I have this in common with him too.

Three things to show commonality between a rookie and a veteran shows me that we are all human in this industry. Anyone can create. It’s just about being fearless.

Audacity, tenacity, and swagger are what you need.

Moving on, I’ve learned a couple more things along the way. When coming up with executions, and you’re using metaphors, they absolutely need to line up with the strategy, insight, and campaign. No questions asked.

Another one is to show people and not to tell. People don’t want to be told what to do. They need to be displayed in a creatively compelling way.

This made me understand the guidelines of the “see say” philosophy in advertising. If you can see it, don’t say what you can see.

Another big lesson is the concept of moral. You need to find a way to rally your consumers in a way that will tug their heartstrings for the consumer to buy your product.

Now, remember that even learning these lessons it is still up to me on how to effectively learn them well enough to add to my repertoire.

With this… ABC.  My new advertising philosophy to all the homies out there trying to make a name for themselves in the industry.

Always Be Concepting. ABC!

Don’t be afraid that your ideas get killed by your CD. They are the ones having your back on the project. Feed ideas like you’re making peanut butter and jelly sandwiches for an army of seven-year-olds.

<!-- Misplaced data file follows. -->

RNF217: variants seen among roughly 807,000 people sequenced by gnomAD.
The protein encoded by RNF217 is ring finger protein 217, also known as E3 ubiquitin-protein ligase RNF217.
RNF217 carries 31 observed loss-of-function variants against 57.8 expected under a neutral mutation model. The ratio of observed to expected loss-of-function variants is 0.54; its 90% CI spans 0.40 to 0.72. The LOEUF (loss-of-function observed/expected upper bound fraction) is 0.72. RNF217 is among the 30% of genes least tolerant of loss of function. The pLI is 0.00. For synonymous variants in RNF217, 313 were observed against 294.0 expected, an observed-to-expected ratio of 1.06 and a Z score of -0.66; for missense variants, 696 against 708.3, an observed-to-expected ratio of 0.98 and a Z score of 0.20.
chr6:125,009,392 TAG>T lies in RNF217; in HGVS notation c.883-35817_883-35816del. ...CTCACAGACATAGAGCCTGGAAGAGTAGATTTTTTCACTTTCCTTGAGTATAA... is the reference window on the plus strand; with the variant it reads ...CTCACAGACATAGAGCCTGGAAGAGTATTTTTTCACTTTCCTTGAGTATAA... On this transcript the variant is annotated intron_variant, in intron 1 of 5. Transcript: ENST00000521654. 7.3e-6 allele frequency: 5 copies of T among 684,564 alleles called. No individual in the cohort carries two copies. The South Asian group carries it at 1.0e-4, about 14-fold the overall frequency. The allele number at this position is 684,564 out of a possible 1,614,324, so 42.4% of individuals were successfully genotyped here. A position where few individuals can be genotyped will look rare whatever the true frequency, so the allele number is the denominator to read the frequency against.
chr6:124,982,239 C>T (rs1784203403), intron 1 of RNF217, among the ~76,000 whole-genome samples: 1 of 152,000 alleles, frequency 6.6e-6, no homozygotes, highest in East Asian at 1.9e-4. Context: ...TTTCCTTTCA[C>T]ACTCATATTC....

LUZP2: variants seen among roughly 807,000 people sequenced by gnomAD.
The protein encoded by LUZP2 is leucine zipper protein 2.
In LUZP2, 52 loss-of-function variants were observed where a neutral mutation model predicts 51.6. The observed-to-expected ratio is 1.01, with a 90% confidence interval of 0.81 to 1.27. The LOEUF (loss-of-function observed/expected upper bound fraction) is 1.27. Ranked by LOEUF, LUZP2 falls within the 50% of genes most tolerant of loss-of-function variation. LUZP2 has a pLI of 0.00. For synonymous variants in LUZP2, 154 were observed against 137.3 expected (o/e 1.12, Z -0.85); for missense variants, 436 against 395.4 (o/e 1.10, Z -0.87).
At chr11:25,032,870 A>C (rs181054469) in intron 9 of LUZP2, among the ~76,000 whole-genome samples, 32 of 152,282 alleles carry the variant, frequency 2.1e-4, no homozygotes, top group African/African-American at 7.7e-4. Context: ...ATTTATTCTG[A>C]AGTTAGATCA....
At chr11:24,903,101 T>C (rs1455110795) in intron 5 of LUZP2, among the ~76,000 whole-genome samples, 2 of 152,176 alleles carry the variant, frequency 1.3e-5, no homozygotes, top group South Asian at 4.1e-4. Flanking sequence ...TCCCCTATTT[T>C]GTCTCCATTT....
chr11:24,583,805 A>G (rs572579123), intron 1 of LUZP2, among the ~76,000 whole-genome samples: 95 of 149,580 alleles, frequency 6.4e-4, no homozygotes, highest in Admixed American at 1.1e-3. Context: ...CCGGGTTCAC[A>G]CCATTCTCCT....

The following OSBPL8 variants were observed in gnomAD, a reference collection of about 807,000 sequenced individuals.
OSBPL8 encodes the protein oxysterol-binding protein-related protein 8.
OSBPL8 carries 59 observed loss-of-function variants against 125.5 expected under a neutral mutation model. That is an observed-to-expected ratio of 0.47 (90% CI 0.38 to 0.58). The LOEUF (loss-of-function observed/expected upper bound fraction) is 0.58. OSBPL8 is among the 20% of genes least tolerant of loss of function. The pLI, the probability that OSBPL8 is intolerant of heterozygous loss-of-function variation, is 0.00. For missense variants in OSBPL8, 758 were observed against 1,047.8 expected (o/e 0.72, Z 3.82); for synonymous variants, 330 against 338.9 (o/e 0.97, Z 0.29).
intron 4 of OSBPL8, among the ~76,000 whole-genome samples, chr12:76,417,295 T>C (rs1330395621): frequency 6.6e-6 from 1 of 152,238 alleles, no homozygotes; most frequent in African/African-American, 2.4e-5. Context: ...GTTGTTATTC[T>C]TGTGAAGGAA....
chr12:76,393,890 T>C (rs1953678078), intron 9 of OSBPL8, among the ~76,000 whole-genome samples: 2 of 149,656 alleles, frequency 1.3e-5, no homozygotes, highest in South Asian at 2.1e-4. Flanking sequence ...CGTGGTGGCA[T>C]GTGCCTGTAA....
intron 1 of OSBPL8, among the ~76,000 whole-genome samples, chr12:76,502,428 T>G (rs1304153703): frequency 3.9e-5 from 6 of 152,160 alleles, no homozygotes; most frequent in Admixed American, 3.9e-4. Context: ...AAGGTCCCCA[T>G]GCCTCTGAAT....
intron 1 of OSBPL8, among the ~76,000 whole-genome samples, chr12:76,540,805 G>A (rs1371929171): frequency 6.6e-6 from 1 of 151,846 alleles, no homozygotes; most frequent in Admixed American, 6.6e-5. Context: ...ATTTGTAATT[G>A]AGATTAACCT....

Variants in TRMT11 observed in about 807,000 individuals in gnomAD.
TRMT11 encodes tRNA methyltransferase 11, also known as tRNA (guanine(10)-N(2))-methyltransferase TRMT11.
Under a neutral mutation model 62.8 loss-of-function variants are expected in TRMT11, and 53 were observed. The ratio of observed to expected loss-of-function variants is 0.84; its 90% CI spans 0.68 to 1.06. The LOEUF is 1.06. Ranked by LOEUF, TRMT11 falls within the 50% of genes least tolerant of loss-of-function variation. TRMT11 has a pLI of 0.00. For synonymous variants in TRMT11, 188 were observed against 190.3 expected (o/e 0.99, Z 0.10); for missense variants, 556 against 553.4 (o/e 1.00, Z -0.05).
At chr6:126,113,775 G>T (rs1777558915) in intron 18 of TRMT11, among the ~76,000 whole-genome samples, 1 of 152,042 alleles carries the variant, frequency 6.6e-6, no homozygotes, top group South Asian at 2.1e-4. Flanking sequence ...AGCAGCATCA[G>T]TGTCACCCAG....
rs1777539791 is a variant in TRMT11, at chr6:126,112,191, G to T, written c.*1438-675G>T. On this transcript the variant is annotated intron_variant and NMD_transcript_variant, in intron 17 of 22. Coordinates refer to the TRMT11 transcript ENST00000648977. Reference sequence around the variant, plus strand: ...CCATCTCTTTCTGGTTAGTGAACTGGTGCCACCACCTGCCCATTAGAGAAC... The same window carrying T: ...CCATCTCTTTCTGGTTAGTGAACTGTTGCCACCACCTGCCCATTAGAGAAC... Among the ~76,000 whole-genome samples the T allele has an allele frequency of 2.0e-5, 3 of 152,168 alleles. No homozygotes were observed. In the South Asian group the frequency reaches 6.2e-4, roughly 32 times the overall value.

Don’t take it personally. I had a ton of ideas for a client campaign extension to follow a huge commercial. A ton of ideas. Only one of them made it to the final round before the client pitch, and it was one of my worst ideas that made no one excited. The cool part of this was creatives took this idea and innovated it to a different incarnation.

What is the lesson? Participate.

I miss my girlfriend, dogs, cat, and family. It’s hard waking up without her, doing things without her, and coming home when she isn’t there.  Luckily, I have a really cool roommate who has bonded well with me this week.

I’m going to use this time to enjoy solitude to bring perspective, give me strength, and to improve my never-ending quest of having a powerful prowess of creative control.

Absence makes the heart grow fonder, and this absence makes me love my girlfriend and support group back home even more. My aunt has sent me care packages, and I talk on the phone with everyone whenever I can to combat this loneliness that I’m dealing with.

Loneliness can mean a lot of things. I’ve made friends here, and I have friends in Boulder and Denver that I’ve seen, but I just miss people back in the land of 10,000 lakes.

I miss my girlfriend’s hangover hugs and calm down kisses. But for now, loneliness is a friend of mine.

Changing lanes here, I need to remind myself of the fire that’s in my stomach.

  1. My Uncle, who disrespected me after my Grandfather died. He is a failure as a copywriter. He started his own agency, works in his attic at home, and has almost no client base. His disrespect towards me, kicking me out of my Grandparent’s house when I was 22 will never be forgotten. My disconnect with him gives me some sort of visceral vendetta (don’t take that too literally, the alliteration just sounds cool), in which I will channel into positive energy for myself. This is what motivates me.